What sort of difficulty, it might be asked, do those attending operas encounter? What is difficult about sitting on plush seats and listening to music and singing? Getting served at the bar in the interval often requires some effort, it is true, but even that could hardly qualify as difficult compared with most people's day's work.

[Taste] has nothing to do with intrinsic aesthetic values in the objects it chooses. It is a marker of class, reflecting educational level, social origin and economic power. [...] Its purpose is to register one's distinction from those lower in the social order.

Is "high art" obnoxiously elitist? What justifies the public expense that supports our art museums, and institutions like the National Opera?

These questions were pressed more likeably, though just as polemically, by Tolstoy, in What is Art?, a book to which Carey only partly marks his debt. Like Carey, Tolstoy finds opera ridiculous – witness the dead-pan description in War and Peace – and he objects to the exclusiveness and expense of modern art.
Nothing is more common than to hear said of alleged works of art that they are very good but difficult to understand. We are used to the assertion, and yet to say that a work of art is good but incomprehensible is the same as saying of some kind of food that it is very good but people cannot eat it. [...] The business of art consists precisely in making understandable and accessible that which might be incomprehensible and inaccessible in the form of reasoning.
For Tolstoy, what art should communicate is "the religious consciousness of a given time".

Carey deprives himself of Tolstoy's argument by denying that art can communicate feelings: he is convinced of "the impossibility of accessing other people's consciousness". Thus, instead of claiming that good art must communicate well and therefore be accessible, so that difficult art is simply bad, Carey can only say that it is not good – at least not objectively good – since nothing is.

Admittedly, there is something naive in Tolstoy's conception of art, on which it causes the very same experience that was had by the artist. Nor it is easy to follow him in regarding Beethoven's Ninth as "artistic gibberish". His examples of good art belong to the "Hallmark" school, and include such things as porcelain dolls. But Tolstoy is deep where Carey is shallow, and his challenge to exclusive art deserves a response.

Monday, December 12, 2005

Art and Intention Revisited

The new Museum of Modern Art is spectacular: so vastly transformed that it is difficult to recognize it as the same site. Such renovations can be painful for those of us who resist change. But there is nothing here akin to the desecration of the Rothko room at the old Tate Gallery. In fact, my favourite work at the Museum enjoys a wonderful new location: Umberto Boccioni's Development of a Bottle in Space now inhabits a windowed corner, where sunlight interacts with its own plastic and moving depiction.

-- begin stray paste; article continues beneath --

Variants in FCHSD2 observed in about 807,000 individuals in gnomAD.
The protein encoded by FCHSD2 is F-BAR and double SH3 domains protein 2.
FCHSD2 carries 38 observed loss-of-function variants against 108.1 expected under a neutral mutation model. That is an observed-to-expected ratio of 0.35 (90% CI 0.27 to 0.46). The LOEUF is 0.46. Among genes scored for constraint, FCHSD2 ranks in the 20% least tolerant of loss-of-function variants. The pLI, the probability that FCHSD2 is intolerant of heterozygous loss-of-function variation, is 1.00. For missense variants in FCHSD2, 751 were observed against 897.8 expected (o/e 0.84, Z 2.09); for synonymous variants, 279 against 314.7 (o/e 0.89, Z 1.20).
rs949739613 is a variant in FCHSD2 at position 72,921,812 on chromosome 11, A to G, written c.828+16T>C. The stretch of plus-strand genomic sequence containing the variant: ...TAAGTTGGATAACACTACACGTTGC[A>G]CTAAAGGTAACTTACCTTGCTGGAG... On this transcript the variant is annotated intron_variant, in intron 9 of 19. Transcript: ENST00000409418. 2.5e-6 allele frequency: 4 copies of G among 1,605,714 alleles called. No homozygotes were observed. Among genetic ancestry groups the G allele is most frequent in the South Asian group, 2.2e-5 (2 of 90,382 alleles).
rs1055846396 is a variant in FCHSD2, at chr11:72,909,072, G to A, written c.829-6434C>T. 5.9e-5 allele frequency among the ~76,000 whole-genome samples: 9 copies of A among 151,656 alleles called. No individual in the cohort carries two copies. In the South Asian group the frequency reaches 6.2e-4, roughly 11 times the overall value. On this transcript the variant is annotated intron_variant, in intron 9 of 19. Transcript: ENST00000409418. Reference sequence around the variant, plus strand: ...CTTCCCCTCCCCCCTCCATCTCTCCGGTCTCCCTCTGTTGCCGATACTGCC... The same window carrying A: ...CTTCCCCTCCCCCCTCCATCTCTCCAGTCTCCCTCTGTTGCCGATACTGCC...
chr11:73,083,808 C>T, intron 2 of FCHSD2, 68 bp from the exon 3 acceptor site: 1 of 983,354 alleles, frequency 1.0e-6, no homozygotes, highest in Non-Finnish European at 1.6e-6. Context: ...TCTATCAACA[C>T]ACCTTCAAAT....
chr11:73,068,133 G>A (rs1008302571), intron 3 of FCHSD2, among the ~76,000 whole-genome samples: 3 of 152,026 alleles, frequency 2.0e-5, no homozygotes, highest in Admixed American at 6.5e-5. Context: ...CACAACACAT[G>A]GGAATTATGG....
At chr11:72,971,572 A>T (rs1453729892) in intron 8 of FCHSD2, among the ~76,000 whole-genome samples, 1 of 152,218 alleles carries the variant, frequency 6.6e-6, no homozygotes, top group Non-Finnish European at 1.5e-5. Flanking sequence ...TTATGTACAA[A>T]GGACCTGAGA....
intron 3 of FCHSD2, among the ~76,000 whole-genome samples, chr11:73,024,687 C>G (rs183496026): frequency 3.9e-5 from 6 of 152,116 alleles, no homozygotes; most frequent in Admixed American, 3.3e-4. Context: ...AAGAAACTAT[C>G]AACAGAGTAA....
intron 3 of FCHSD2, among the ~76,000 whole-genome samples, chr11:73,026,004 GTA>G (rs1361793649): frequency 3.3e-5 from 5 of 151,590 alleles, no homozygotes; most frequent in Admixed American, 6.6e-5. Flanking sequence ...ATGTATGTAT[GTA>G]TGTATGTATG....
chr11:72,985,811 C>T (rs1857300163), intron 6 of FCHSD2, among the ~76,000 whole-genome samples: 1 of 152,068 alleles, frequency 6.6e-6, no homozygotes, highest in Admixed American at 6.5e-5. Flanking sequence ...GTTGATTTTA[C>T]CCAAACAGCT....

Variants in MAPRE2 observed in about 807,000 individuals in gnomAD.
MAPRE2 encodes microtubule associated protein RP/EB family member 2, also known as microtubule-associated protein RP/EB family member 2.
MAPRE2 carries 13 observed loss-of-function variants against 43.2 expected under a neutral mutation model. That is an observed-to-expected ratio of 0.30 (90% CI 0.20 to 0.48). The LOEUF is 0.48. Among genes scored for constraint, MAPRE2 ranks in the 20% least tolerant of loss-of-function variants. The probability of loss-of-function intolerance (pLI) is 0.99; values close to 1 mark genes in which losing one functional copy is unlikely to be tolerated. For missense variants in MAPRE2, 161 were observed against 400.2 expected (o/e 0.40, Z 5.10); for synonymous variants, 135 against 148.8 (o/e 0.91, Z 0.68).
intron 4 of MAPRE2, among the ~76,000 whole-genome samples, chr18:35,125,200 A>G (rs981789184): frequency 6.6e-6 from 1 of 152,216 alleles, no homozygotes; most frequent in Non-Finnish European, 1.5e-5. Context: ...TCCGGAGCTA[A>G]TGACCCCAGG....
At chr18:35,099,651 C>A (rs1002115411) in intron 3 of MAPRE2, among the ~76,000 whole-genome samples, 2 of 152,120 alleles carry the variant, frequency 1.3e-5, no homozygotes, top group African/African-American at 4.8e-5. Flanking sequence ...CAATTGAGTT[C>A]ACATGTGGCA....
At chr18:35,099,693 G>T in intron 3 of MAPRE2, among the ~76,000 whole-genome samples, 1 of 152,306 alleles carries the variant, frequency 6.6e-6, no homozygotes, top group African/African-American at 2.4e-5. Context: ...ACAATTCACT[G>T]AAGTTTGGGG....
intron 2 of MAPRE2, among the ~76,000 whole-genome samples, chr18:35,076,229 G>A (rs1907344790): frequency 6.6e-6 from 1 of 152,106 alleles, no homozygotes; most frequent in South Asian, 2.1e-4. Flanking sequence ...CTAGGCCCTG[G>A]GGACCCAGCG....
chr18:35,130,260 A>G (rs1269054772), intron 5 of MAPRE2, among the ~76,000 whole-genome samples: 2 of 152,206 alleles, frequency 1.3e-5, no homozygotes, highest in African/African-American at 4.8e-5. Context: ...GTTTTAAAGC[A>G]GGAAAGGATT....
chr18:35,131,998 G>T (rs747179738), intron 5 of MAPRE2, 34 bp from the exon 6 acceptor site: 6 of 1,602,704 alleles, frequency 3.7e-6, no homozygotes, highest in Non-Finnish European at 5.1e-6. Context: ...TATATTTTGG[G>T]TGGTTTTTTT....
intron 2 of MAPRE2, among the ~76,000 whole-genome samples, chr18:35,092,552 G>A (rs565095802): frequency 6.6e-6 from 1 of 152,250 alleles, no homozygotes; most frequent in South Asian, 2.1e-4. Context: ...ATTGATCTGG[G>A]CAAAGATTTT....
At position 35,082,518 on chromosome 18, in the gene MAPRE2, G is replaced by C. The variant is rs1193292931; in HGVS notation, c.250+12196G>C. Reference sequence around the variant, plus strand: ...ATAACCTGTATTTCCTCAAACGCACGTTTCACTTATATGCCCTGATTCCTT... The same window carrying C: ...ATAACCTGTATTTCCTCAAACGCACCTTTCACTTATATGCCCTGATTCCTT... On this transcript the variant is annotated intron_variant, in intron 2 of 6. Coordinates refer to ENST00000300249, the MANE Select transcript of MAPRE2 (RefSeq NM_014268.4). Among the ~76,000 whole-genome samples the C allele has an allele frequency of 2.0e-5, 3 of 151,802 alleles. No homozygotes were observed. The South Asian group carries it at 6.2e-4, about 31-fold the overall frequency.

Other revisions are more puzzling, though some of them induce a smile. Here is the curator's note to Carl Andre's 144 Lead Square:
Rejecting the notion of sculpture as art to be mounted on a pedestal and viewed from a distance, Andre wished to make sculpture that someone might perhaps not even notice, and might purposely or accidentally walk on. However, recent research into the properties of lead compels the Museum to caution visitors against stepping on this work.
Is this intended as an exploration of questions about art and intention – textual accompaniment as conceptual art? If so, it belongs with a pair of items by Robert Morris which occupy the same floor: Litanies (a lead cast resembling keys on a chain), and its partner, Document, the relevant part of which reads as follows:
The undersigned, Robert Morris, being the maker of the metal construction entitled Litanies, described in the annexed Exhibit A, hereby withdraws from said construction all esthetic quality and content and declares that from the date hereof said construction has no such quality or content. (notarized 11/15/63)
I can confirm that "esthetic quality and content" are now entirely absent from Litanies. But this is uninformative: I do not know how "said construction" looked before the 15th of November, 1963.

Monday, December 05, 2005

Two Notes

First, that one of my favourite poets, Craig Raine – who wrote A Martian Sends a Postcard Home – has a long piece in the last TLS, "I remember my mother dying". It is less opaque than much of his other work, and very moving.

Second, that The Squid and the Whale finally came to Pittsburgh, and it is an extraordinary film. It has something of the feel of Wes Anderson's movies – he was a producer of this one – and a similar line in feckless, self-involved, male protagonists. Jeff Daniels is the equal of Bill Murray in Rushmore and The Life Aquatic, or Gene Hackman in The Royals Tenenbaums. The child actors are magnetic. I can't remember when I last saw a film I so much wanted not to end.